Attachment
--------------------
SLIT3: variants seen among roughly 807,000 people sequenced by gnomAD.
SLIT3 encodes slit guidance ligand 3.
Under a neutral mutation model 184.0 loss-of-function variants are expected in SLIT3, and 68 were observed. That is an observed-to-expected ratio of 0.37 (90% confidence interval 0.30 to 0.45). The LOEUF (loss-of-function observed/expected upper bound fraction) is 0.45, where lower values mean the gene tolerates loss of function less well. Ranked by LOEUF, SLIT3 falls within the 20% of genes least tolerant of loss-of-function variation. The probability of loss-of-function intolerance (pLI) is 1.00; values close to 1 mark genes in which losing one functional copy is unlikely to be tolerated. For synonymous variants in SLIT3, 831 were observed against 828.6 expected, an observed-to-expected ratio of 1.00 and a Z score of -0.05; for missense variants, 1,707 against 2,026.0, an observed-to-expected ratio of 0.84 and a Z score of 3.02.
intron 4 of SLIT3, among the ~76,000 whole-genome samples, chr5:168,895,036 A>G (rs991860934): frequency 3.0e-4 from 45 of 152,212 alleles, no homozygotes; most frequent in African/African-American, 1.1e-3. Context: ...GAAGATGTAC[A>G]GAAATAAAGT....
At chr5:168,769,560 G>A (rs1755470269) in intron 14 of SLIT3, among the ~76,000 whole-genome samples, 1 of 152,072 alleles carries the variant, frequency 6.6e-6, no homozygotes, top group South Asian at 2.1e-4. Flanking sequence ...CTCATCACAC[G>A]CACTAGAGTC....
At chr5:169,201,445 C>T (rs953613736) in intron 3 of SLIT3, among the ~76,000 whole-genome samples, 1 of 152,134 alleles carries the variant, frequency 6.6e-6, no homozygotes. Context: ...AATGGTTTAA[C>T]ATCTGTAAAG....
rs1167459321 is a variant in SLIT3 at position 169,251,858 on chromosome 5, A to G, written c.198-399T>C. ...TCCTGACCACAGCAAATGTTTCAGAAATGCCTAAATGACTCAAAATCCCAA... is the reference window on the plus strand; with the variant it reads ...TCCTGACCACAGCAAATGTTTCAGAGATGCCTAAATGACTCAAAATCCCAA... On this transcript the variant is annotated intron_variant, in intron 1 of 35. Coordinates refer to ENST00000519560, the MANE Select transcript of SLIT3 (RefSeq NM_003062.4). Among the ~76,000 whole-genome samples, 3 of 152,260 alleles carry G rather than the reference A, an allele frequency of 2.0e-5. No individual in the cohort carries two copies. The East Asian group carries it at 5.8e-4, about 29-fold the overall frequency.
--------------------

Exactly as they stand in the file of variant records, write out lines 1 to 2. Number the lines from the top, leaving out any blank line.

SLIT3: variants seen among roughly 807,000 people sequenced by gnomAD.
SLIT3 encodes slit guidance ligand 3.